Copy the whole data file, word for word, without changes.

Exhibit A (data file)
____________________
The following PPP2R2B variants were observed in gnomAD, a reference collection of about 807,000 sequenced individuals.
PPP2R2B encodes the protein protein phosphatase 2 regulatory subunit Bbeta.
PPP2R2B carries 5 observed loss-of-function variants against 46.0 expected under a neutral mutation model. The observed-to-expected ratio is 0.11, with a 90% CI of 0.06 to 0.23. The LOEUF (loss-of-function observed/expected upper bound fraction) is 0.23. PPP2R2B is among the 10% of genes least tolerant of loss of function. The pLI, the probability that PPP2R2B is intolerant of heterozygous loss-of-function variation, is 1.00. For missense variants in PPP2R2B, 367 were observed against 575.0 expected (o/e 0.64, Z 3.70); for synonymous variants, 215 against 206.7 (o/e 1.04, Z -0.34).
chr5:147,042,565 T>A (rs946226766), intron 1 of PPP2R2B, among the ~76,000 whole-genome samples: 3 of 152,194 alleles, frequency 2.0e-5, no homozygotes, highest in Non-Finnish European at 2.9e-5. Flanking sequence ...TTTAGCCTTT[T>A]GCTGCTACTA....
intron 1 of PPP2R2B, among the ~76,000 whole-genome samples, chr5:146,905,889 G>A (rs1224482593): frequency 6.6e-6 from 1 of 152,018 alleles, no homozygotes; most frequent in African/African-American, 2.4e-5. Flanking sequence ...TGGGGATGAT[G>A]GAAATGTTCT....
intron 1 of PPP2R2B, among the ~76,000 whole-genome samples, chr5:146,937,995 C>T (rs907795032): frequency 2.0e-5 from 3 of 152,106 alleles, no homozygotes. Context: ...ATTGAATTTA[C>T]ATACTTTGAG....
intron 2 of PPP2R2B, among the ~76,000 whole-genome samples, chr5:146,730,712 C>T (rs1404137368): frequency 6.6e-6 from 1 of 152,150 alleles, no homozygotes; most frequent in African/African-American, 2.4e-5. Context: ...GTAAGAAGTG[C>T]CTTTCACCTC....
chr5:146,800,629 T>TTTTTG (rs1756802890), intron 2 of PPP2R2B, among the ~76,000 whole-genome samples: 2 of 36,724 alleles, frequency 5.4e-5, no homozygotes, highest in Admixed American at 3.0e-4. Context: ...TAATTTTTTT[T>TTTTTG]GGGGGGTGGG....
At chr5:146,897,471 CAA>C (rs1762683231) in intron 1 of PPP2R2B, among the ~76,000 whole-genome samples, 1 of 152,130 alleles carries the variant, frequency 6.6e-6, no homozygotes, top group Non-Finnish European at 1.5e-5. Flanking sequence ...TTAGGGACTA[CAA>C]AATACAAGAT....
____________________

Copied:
The following PPP2R2B variants were observed in gnomAD, a reference collection of about 807,000 sequenced individuals.
PPP2R2B encodes the protein protein phosphatase 2 regulatory subunit Bbeta.
PPP2R2B carries 5 observed loss-of-function variants against 46.0 expected under a neutral mutation model. The observed-to-expected ratio is 0.11, with a 90% CI of 0.06 to 0.23. The LOEUF (loss-of-function observed/expected upper bound fraction) is 0.23. PPP2R2B is among the 10% of genes least tolerant of loss of function. The pLI, the probability that PPP2R2B is intolerant of heterozygous loss-of-function variation, is 1.00. For missense variants in PPP2R2B, 367 were observed against 575.0 expected (o/e 0.64, Z 3.70); for synonymous variants, 215 against 206.7 (o/e 1.04, Z -0.34).
chr5:147,042,565 T>A (rs946226766), intron 1 of PPP2R2B, among the ~76,000 whole-genome samples: 3 of 152,194 alleles, frequency 2.0e-5, no homozygotes, highest in Non-Finnish European at 2.9e-5. Flanking sequence ...TTTAGCCTTT[T>A]GCTGCTACTA....
intron 1 of PPP2R2B, among the ~76,000 whole-genome samples, chr5:146,905,889 G>A (rs1224482593): frequency 6.6e-6 from 1 of 152,018 alleles, no homozygotes; most frequent in African/African-American, 2.4e-5. Flanking sequence ...TGGGGATGAT[G>A]GAAATGTTCT....
intron 1 of PPP2R2B, among the ~76,000 whole-genome samples, chr5:146,937,995 C>T (rs907795032): frequency 2.0e-5 from 3 of 152,106 alleles, no homozygotes. Context: ...ATTGAATTTA[C>T]ATACTTTGAG....
intron 2 of PPP2R2B, among the ~76,000 whole-genome samples, chr5:146,730,712 C>T (rs1404137368): frequency 6.6e-6 from 1 of 152,150 alleles, no homozygotes; most frequent in African/African-American, 2.4e-5. Context: ...GTAAGAAGTG[C>T]CTTTCACCTC....
chr5:146,800,629 T>TTTTTG (rs1756802890), intron 2 of PPP2R2B, among the ~76,000 whole-genome samples: 2 of 36,724 alleles, frequency 5.4e-5, no homozygotes, highest in Admixed American at 3.0e-4. Context: ...TAATTTTTTT[T>TTTTTG]GGGGGGTGGG....
At chr5:146,897,471 CAA>C (rs1762683231) in intron 1 of PPP2R2B, among the ~76,000 whole-genome samples, 1 of 152,130 alleles carries the variant, frequency 6.6e-6, no homozygotes, top group Non-Finnish European at 1.5e-5. Flanking sequence ...TTAGGGACTA[CAA>C]AATACAAGAT....